people buy people

‘People buy people’, so you’ll need to decide who you are to build successful business relationships, says Janet Lung Standing.

The idea that ‘people buy people’ is fundamental to the success of any business.

Wholesalers support the small- to medium-sized retailers, on-trade customers and foodservice vendors that are the anchors of their communities. They continue to support them in the face of the myriad challenges threatening the industry today: rising labour costs, a new competitive landscape stemming from the rise of e-commerce, discounters, supermarkets investing heavily in their own c-store estates, and the growth of foodservice and quick service restaurant chains. But, for the vast majority of wholesale businesses and their customers, the differentiating factor is the ‘people experience’ – and the idea that people buy people is more important than ever before.

Successful business collaborations built on this idea always have a good match of partners and ongoing nurturing of the relationship. A good match entails having a clear, compelling common goal; each party having complementary competences and attributes; and, most importantly, a connection in values and beliefs.

To find a resonance in values and beliefs takes intuition, courage and ongoing effort from business leaders. And what is it that we look for? Authenticity, coherency and transparency. Ultimately, however, we are looking for the basis of trust.

When these elements are missing, even a seemingly harmonious business relationship can fall apart. A prime example of this is the case of FMCG giant Danone and New Zealand dairy co-operative Fonterra. In August 2013, the latter announced a recall of one of its whey protein concentrates (an ingredient used in infant formulas) due to potential contamination by botulism. This later turned out to be a false alarm.

However, before then, Fonterra’s customers – including Danone – conducted massive product recalls across several Asian countries, including China. As a consequence, Danone suffered huge business disruption and damage to its brand in China.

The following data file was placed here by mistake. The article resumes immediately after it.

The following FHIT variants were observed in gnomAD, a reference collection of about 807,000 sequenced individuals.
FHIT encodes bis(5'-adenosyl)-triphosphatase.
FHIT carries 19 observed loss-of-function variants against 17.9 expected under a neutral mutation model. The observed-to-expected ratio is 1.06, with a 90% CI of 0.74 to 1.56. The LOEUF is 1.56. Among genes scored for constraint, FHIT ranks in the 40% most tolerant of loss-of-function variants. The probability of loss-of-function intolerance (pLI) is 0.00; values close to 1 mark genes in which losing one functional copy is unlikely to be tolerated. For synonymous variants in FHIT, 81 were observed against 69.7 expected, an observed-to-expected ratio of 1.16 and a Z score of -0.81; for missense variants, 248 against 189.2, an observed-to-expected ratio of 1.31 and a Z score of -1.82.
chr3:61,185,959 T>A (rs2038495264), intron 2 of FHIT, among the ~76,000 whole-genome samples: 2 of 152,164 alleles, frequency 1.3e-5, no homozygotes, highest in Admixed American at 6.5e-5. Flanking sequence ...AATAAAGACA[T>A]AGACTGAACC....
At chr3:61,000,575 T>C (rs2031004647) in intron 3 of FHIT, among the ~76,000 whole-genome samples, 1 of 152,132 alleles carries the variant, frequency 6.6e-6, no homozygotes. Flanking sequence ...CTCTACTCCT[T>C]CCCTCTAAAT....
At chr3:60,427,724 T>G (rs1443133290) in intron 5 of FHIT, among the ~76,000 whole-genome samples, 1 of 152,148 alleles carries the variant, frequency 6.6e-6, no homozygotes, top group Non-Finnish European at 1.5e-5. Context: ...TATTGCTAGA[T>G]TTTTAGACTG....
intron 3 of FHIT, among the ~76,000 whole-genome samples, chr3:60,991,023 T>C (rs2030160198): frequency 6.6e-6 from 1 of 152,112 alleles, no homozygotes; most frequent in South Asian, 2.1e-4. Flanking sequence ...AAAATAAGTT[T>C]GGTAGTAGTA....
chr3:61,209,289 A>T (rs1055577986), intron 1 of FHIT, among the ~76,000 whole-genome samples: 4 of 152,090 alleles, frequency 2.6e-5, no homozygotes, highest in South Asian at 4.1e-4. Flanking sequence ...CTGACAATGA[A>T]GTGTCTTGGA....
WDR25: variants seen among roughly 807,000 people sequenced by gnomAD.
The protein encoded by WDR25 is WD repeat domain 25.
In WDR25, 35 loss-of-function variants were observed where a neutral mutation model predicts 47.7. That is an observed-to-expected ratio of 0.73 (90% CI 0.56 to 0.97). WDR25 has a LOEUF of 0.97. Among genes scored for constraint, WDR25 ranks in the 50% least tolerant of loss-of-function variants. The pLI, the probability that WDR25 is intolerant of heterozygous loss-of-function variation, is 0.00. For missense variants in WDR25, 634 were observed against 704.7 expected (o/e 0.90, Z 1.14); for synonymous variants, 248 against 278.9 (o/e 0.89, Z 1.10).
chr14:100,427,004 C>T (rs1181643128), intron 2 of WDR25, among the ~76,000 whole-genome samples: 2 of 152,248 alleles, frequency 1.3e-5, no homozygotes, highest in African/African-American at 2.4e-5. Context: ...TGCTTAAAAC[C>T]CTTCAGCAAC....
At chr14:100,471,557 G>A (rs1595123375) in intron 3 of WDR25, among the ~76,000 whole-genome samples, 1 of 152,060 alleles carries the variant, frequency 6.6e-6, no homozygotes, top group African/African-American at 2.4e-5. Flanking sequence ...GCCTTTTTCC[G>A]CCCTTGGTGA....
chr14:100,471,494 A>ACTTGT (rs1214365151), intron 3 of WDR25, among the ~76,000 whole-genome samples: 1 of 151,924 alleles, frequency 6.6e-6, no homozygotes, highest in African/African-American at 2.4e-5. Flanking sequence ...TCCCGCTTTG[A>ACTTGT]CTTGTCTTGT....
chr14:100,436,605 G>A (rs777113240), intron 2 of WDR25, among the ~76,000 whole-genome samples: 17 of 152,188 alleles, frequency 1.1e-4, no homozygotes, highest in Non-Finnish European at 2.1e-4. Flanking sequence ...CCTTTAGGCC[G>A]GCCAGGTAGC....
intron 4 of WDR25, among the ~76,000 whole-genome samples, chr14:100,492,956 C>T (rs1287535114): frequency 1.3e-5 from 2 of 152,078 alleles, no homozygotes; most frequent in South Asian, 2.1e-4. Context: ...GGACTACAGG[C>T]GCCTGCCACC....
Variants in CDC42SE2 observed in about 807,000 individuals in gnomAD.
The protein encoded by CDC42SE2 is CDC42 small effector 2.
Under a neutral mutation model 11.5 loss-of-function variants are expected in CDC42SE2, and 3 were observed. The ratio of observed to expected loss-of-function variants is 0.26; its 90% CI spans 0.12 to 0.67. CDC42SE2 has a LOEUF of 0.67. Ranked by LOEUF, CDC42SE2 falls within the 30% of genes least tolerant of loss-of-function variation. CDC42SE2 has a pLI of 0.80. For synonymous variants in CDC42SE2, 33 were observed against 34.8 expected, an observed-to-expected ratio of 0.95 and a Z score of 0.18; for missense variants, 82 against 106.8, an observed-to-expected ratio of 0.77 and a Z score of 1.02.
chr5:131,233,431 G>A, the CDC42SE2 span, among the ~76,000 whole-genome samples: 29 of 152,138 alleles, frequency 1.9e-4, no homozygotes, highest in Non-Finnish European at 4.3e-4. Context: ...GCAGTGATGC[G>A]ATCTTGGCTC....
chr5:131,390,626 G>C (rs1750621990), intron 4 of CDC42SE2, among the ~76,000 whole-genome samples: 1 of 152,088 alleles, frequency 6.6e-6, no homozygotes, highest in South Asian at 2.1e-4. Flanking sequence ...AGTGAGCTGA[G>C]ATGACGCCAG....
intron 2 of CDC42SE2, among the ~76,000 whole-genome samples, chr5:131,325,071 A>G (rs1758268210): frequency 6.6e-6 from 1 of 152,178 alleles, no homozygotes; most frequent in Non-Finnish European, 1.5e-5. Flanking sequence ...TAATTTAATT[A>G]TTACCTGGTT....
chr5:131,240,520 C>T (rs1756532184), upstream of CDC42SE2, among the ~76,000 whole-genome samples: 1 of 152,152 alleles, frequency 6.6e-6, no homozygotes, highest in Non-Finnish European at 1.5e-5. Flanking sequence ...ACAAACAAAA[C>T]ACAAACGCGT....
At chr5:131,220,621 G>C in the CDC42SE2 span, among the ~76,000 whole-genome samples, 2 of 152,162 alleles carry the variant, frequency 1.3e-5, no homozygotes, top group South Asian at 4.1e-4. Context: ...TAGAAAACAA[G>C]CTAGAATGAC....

A subsequent public inquiry conducted by the New Zealand Ministry for Primary Industries highlighted a lack of coherent quality management at Fonterra, for which it was fined. Danone in particular felt let down by what it perceived to be a paucity of timely transparent facts from Fonterra.

This was what ultimately caused the breakdown of trust and put an end to a 10-year supply partnership. Danone launched a legal case against Fonterra for NZD$1bn that is still ongoing.

To build a successful collaboration, business leaders need to take time to express what their organisations stand for and the principles they operate with, so that both parties know where they stand. It is also important to check that the company’s values and beliefs are consistently observed in different levels of the organisation. Be it quality, sustainability or integrity, your staff have to embody the necessary values.

Nevertheless, even the best matched relationships need good nurturing to thrive. Do you have processes in place to ensure that you are cultivating the ‘people buy people’ bonds you have with your customers? The ability of both your business and theirs to thrive in this marketplace hinges on it.

Janet Lung Standing has more than two decades’ experience in the FMCG sector, having worked for Mars and Danone. She is director of Janet Standing Consultancy and vice chair of the UK chapter of Leading Executives Advancing Diversity.


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